Monday, March 29, 2010
Meatless Monday: Whole Grain Spaghetti With Marinara Sauce
Sometimes the simplest things are the best.
On Friday night, the A-Girl came over for a hike with the Adorable Monster followed by dinner. While I've been known on occasion to attempt challenging recipes, more often than not, I prepare simple meals.
My trick to making simple food taste awesome?
The ingredients, of course. In fact, this is just about every chef's trick. It's from where we draw our inspiration, and it's a large part of the reason why the food in top restaurants tastes so flipping amazing.
For our dinner, I made a classic marinara sauce, an Italian red sauce usually made with tomatoes, garlic, onions, herbs and spices, which I served over a whole grain spaghetti. I added a healthy portion of fresh organic basil, a highly fragrant leafy herb which gained popularity as the main ingredient in pesto and showcases a variety of awesome health benefits, like protecting cells from free radical damage and aiding in the immune system by inhibiting the growth of bacteria. This turned out to be the perfect post-Runyon hike meal - a hearty pasta dish accompanied by my famous Roast Cauliflower which I topped with dried cherries, parsley and pine nuts. Everyone loved it, and the Adorable Monster only tried to hump the A-Girl, who he must consider his girlfriend, one time.
Whole Wheat Spaghetti With Marinara Sauce
Serves 6 people
Cooking time: 40 minutes
2 boxes whole grain spaghetti (I used one made with spelt flour)
pinch of sea salt
2 tablespoons extra virgin olive oil
1 Spanish onion, finely diced
4 garlic cloves, peeled and thinly sliced
3 tablespoons fresh thyme, chopped, or 1 tablespoon dried thyme
1/2 medium carrot, finely shredded
2 28 ounce cans peeled whole tomatoes
1 teaspoon fresh oregono
1 teaspoon fresh thyme
1 bay leaf
2 tablespoons fresh basil, julienned
salt and pepper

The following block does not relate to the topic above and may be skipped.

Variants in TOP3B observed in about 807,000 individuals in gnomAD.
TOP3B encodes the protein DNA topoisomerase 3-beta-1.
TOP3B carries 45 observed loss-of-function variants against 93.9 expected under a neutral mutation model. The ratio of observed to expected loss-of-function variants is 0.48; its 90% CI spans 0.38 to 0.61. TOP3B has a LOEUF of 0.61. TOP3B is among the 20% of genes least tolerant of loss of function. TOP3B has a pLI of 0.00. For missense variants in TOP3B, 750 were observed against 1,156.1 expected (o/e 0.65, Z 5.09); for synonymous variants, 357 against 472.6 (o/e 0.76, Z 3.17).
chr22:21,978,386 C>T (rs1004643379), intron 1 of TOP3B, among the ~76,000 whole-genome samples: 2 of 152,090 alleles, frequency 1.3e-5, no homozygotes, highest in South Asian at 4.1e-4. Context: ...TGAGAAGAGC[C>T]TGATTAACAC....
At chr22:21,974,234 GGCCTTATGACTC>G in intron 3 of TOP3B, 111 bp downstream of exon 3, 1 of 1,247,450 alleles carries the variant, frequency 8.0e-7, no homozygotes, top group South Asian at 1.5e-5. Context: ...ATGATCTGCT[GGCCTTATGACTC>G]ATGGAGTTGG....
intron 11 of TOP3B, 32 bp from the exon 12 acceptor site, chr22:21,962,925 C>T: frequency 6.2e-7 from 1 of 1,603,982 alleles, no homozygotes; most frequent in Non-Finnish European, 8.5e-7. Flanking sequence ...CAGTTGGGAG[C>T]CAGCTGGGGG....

To make the marinara sauce, heat the olive oil over medium heat. Add the onion and garlic and cook until softened (8-10 minutes). Add the thyme and carrot and cook for 5 minutes, until carrot is very soft. Crush the tomatoes with your hands (I love this part!) and add them and their juices. Add the bay leaf. Bring to a boil, stirring often, and then lower the heat and simmer for 20 minutes. Add the thyme, oregano and basil and simmer for 10 more minutes. Season with salt and pepper. This sauce keeps for 1 week in the fridge and 6 months in the freezer.
Meanwhile, bring a pot of salted water to a boil. Add the whole grain spaghetti and cook for about 8 minutes, or until al dente. Do not overcook. Drain and rinse with water and toss with a little olive oil to prevent sticking.
To plate, place some pasta in a wide-bottomed bowl and smother with a generous portion of marinara sauce. Top with a little fresh grated parmesan reggiano. Enjoy!
Source For Ingredients
organic canned whole tomatoes (Muir Glen) and organic whole grain spelt spaghetti (Vita Spelt) from Whole Foods
organic onion, organic garlic and organic carrot from Studio City Farmers Market
organic basil from Trader Joe's
parmesan reggiano from Surfas
We started with a bottle of Copain 2006 Syrah (Robert Parker 95-97 points) from the James Berry Vineyard. We'd recently tasted the Saxum 2006 James Berry Vineyard, Proprietary Blend (Parker 95 points) and wanted to compare the two wines. I must admit that we slightly preferred the Copain, at least at this early stage. But they're both fabulous wines - big boys with an inky-black color and super concentrated fruit. I'll be interested to taste them both again down the road once they get some age under their belts. You know we'll be drinking them...
Then, we followed it up with a Cabernet Sauvignon from Anthill Farms. While we've imbibed copious amounts of Anthill Farms Pinot Noir, for which they're known, we'd never tasted their Cabernet Sauvignon, in part because they just made it for the first time. So on this night, we popped a bottle of their 2007 Cabernet Sauvignon, Timber Crest Farms, Dry Creek Valley. It drank great for the first fifteen minutes, but then faded. We capped it and let it rest until the following night, when we re-tasted it. I enjoyed it much more on the second day - it mellowed, and some of its mustiness faded, allowing more of the fruit to shine. I was reminded once again that wine is such a temporal creature, always changing, morphing, elusive yet endearing, welcoming, yet challenging.
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